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Pterygia are indicators of an increased risk of developing cutaneous melanomas
  1. Julie M Crewe1,
  2. Tim Threlfall2,
  3. Antony Clark1,
  4. Paul G Sanfilippo3,
  5. David A Mackey1
  1. 1Lions Eye Institute, Centre for Ophthalmology and Vision Science, University of Western Australia, Nedlands, Australia
  2. 2Department of Health, Western Australian Cancer Registry, Western Australia, Australia
  3. 3Centre for Eye Research Australia, University of Melbourne, Royal Victorian Eye and Ear Hospital, Melbourne, Australia
  1. Correspondence to Julie M Crewe, Lions Eye Institute, 2 Verdun Street, Nedlands, Perth, Western Australia 6148; juliecrewe{at}


Aim To investigate whether pterygium is an indicator of an increased risk of cutaneous melanoma (CM).

Methods A matched-cohort study, using linked health administrative data sets to identify all hospital-treated pterygium in Western Australia (WA) between 1979 and 2014. We identified pterygium cases from hospital diagnosis and/or procedure International Classification of Diseases 9th revision (ICD-9) and 10th revision (ICD-10) codes and matched cases by age, sex and residential postcode to WA Electoral Roll controls with no known history of pterygium. Both cohorts were linked to the WA Cancer Registry and the WA Deaths Registry.

Results 23 625 people had pterygium treatment (64% male) in WA hospitals. The median age for pterygium diagnosis and/or treatment was 49 years (range 14–96). There were significantly more CM cases in the pterygium cohort compared with the control cohort (1083 vs 874; p<0.001). In a logistic regression analysis, there was a 24% increase in the odds of developing a CM in the pterygium cohort, compared with controls, after controlling for other predictors (OR 1.24, 95% CI 1.1 to 1.4). The incident rate ratio (IRR) of a malignant CM diagnosis was 20% greater in people who had treatment for a pterygium compared with controls (IRR 1.2, 95% CI 1.0 to 1.4).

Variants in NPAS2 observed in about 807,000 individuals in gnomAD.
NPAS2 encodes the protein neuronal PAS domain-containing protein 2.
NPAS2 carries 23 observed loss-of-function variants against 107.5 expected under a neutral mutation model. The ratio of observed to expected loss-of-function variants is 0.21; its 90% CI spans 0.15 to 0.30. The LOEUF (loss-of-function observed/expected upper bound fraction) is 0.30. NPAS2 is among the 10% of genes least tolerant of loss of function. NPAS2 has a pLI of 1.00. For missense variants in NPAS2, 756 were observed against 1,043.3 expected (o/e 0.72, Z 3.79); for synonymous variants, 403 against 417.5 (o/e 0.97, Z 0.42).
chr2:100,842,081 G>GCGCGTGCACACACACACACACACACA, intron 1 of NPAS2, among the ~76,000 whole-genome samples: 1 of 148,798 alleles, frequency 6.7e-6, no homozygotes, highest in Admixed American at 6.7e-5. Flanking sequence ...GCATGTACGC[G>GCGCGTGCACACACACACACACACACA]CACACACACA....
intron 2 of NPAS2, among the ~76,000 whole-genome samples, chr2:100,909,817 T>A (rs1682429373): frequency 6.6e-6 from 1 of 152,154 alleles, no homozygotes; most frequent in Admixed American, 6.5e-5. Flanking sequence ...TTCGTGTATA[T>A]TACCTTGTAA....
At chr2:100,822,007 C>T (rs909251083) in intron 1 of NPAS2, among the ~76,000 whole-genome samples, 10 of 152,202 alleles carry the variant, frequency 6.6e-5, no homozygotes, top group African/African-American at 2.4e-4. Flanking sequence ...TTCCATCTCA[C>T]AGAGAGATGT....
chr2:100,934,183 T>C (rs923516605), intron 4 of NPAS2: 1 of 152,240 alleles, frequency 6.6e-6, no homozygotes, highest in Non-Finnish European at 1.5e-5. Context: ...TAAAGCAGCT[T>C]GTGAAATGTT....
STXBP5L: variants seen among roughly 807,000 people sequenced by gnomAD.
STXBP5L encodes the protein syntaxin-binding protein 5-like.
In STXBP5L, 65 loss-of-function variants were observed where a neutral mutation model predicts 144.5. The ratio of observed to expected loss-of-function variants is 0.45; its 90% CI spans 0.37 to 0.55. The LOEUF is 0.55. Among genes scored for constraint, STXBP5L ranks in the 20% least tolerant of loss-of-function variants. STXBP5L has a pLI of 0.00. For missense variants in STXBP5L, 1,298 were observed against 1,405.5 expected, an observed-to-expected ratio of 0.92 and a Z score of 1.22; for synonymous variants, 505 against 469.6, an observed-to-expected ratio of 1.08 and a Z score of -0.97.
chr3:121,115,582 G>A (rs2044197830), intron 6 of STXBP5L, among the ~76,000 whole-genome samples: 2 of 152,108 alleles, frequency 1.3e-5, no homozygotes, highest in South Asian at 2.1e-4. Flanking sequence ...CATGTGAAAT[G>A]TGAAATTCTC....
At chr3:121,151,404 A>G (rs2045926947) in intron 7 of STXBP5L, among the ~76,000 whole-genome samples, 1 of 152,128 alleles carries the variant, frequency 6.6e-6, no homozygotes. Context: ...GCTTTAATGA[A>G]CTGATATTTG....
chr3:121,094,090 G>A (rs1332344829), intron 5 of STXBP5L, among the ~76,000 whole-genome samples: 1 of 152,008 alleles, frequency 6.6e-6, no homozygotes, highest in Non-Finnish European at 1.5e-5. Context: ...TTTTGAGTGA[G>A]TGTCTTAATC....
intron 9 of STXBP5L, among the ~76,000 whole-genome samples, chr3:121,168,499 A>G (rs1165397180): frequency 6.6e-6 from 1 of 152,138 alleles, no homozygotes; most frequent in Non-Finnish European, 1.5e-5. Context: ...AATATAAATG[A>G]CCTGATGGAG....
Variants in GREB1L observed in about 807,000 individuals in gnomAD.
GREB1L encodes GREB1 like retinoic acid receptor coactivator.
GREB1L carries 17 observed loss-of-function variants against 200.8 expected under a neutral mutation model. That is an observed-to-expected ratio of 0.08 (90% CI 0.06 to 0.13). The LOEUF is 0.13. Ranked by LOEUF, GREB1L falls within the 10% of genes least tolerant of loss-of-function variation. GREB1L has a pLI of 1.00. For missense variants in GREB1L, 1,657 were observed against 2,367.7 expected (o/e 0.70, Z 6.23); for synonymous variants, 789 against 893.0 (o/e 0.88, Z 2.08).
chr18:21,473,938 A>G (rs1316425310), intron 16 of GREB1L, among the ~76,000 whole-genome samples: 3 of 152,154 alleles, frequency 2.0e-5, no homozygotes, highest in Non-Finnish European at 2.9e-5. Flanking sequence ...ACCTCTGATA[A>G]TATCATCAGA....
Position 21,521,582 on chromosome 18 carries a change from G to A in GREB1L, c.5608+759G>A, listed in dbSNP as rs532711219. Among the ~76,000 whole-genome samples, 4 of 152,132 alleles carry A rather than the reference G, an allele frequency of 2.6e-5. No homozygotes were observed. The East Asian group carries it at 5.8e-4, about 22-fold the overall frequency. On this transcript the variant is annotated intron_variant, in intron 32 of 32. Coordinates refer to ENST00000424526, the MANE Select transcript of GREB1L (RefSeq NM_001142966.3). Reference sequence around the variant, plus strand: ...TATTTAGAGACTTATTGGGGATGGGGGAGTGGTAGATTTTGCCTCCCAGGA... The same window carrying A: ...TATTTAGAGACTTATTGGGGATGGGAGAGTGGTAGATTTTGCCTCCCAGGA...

Conclusion The presence of a pterygium indicates a significantly increased risk of developing a CM. Eye care providers who see patients with developing pterygia should advise these patients of this increased risk and recommend regular skin surveillance.

  • epidemiology
  • ocular surface

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  • Contributors Professor DAM was responsible for the original concept for this research. All authors contributed to the planning, analyses, reporting and final oversight of this manuscript. JMC affirms that the manuscript is an honest, accurate and transparent account of the study being reported and that no important aspects of the study have been omitted.

  • Funding This study was funded by private donations to the Lions Eye Institute. The sponsors had no role in the design or conduct of this research.

  • Competing interests None declared.

  • Patient consent This study was exempt from obtaining consent from individuals by the ethics committee. The study uses health service data on more than 45 000 individuals.

  • Ethics approval University of Western Australia and the Department of Health of Western Australia

  • Provenance and peer review Not commissioned; externally peer reviewed.

  • Data sharing statement No data currently available due to confidentiality restrictions.

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